OUR two-week visit to the United States, via Korean Airlines, brought my wife Grace and I, and our children Jandy and Cheska, plus grandson Kyle, first to exciting New York City, making landfall at JFK International Airport. Called “The City That Never Sleeps”, New York City is home to big-name attractions, as well as charming neighborhoods and hidden green spaces, trendy boutiques and classic bars. When one thinks of New York City, the first place visitors’ picture is often the borough of Manhattan and this was to be our base. For the first three nights, we stayed at the vibrant Hampton Inn Manhattan Grand Central. Near the hotel is the Grand Central Terminal, one of the most majestic buildings of the 20th century. It has both monumental spaces and meticulously crafted detail, especially on its façade.
Any visit to the city is never complete without dropping by the Statue of Liberty. This colossal neo-classical sculpture, on Liberty Island (a short ferry ride from Battery Park) in New York Harbor, was a gift of friendship from the people of France to the US dedicated on October 28, 1886, and designated as a National Monument in 1924. More than a monument, it is recognized as a universal symbol of freedom and democracy to millions around the world. Part of the tour was our visit to nearby Ellis Island where, at its museum, we heard moving tales of the 12 million immigrants who entered America through the golden door of Ellis Island.
We also visited a number of the best museums in the world that stand on Manhattan’s Fifth Avenue (known collectively as the Museum Mile Consortium). The famous Metropolitan Museum of Art, one of the largest art galleries in the world, boasts of works from Classical antiquity, as well as nearly all of the European masters. The iconic Solomon R. Guggenheim Museum, the final project of legendary American architect Frank Lloyd Wright, houses 300 representative works culled from the Guggenheim Foundation’s 7,000 piece collection. We also visited the beautiful and famous Museum of Modern Art, which features the most prestigious art collection in the country.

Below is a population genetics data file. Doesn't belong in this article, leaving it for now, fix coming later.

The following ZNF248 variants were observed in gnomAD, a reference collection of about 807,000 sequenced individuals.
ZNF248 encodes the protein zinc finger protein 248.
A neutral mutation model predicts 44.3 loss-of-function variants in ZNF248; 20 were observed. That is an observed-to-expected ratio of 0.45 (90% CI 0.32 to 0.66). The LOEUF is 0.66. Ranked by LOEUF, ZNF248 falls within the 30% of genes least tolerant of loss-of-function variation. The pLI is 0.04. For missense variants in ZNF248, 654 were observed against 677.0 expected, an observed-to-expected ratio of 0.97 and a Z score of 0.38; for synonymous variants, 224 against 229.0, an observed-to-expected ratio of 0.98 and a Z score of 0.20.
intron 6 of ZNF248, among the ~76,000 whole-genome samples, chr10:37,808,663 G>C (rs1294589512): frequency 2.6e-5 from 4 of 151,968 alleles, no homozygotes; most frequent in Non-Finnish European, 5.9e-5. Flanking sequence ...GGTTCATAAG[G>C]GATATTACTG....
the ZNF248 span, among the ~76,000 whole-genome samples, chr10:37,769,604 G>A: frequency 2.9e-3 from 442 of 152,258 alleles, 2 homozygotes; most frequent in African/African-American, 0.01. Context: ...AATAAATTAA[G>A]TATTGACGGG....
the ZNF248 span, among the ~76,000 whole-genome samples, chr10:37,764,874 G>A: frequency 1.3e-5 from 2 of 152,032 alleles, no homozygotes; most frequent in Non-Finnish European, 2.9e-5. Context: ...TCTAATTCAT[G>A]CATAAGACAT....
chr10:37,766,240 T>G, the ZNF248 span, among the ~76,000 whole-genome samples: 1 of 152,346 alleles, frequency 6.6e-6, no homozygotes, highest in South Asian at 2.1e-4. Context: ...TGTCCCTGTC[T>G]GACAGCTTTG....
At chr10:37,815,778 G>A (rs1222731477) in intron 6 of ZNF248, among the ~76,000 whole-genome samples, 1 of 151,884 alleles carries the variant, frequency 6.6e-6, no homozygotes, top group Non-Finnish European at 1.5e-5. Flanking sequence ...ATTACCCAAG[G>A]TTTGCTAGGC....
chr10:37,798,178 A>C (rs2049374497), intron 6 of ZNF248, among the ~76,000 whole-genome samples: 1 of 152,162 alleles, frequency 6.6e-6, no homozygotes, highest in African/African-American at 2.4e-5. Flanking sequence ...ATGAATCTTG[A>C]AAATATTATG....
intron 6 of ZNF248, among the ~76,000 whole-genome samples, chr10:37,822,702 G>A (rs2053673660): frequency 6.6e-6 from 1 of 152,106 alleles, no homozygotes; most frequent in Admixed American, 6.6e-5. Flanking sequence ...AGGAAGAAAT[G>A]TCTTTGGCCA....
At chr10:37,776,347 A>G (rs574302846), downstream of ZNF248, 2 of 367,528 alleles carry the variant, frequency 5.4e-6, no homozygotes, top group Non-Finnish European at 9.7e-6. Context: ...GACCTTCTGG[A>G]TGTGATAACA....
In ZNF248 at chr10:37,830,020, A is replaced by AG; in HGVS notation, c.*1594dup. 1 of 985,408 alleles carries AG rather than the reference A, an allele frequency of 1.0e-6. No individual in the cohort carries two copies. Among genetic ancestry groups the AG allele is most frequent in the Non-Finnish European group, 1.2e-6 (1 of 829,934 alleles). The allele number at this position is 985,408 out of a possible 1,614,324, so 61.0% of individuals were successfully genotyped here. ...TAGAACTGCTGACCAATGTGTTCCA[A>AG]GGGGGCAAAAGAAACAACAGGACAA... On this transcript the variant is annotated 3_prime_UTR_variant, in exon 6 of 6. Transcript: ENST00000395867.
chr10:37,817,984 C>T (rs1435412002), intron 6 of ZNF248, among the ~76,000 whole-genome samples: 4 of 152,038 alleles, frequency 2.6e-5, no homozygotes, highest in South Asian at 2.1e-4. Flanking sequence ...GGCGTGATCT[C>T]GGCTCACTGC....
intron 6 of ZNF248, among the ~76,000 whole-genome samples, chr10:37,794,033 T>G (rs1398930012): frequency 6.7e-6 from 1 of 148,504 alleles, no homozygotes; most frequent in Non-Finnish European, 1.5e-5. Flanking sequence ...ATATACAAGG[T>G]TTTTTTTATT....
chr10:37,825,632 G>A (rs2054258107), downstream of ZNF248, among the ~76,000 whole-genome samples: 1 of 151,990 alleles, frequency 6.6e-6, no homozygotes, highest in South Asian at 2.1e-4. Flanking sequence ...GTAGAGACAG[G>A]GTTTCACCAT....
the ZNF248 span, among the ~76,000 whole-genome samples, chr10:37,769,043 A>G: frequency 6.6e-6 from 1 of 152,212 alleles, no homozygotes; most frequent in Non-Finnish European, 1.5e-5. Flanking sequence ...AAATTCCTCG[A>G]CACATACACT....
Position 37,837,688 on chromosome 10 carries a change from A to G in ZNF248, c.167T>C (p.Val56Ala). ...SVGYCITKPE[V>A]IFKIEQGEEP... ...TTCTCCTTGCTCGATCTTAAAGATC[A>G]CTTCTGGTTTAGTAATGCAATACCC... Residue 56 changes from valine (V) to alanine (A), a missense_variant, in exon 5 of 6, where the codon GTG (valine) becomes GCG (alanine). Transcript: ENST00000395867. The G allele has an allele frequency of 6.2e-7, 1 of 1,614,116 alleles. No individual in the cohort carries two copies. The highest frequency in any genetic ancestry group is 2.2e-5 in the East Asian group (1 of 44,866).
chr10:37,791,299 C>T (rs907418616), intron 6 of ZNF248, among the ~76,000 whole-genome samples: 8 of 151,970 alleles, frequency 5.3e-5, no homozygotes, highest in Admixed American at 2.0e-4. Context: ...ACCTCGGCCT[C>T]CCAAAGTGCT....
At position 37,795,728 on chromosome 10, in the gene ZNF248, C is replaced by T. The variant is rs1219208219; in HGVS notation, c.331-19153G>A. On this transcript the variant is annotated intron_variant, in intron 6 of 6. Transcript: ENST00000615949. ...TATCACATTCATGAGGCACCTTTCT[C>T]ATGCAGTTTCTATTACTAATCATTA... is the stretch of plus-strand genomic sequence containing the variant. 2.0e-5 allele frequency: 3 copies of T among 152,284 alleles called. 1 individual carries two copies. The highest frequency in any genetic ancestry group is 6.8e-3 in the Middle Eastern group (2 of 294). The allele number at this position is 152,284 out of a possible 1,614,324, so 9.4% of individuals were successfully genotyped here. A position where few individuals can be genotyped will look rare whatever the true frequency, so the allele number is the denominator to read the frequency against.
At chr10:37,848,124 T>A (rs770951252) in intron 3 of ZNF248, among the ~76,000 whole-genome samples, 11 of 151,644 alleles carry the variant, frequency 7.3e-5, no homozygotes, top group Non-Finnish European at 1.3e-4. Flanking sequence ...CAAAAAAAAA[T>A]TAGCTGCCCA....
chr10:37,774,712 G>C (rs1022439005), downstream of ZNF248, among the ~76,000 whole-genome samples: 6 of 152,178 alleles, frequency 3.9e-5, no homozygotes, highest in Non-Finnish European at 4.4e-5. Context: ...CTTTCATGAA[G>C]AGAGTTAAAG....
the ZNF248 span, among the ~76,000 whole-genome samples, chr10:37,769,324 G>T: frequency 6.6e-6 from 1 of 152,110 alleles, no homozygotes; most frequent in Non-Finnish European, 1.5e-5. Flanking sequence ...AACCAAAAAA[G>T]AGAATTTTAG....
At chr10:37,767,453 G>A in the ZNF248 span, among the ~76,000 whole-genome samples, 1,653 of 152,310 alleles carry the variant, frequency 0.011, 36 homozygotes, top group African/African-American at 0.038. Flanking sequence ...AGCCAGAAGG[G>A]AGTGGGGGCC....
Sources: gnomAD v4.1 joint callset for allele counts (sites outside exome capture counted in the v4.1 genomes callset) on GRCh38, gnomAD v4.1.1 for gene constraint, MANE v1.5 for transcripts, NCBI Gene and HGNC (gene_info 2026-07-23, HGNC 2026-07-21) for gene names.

The skyline of New York is also a treasure trove of Art Deco architectural gems, such as the 443.2 meter high, 102-story Empire State Building and the 318.9 meter high Chrysler Building (still the tallest brick building in the world with a steel structure), both for a time (42 years and 11 months, respectively) the tallest buildings in the world.
Another of the world’s most visited tourist attractions, drawing an estimated 50 million visitors annually, is the iconic Time Square. Brightly adorned with billboards and advertisements, it is one of the world’s busiest pedestrian areas, the hub of the Broadway Theater District and a major center of the world’s entertainment industry. The brightly lit (at night) Times Square is also the site of the annual New Year’s Eve ball drop.
A New York City tradition is crossing on foot the Brooklyn Bridge, a quite popular tourist attraction, via the pedestrian walkway (there’s also a bike lane). One of the best things to do in New York City, the Brooklyn Bridge isn’t much more than a mile long (its length is 1,825.4 meter). Being tourists, we wanted to savor the experience and took it slow, posing for photos, admiring the bridge’s distinctive web-like cable arrangement and river views and finishing the crossing in about an hour.
A New York pilgrimage site is the National September 11 Memorial & Museum (also known as the 9/11 Memorial and 9/11 Memorial Museum), located at the former location of the Twin Towers at the World Trade Center site. It commemorates the September 11, 2001, attacks, which killed 2,977 victims, and the World Trade Center bombing (February 26, 1993), which killed six. It features a forest of trees with two square memorial pools (its walls attached with 76 bronze plates inscribed with the names of the victims) in the center where the Twin Towers stood.
Prior to leaving for our flight back to Manila, we visited Central Park (the city’s green lung), the New York City Library (the second-largest public library in the US and fourth-largest in the world) and heard Mass at the Gothic-style Saint Patrick’s Cathedral, another prominent New York City landmark. Directly across the cathedral is the Rockefeller Center.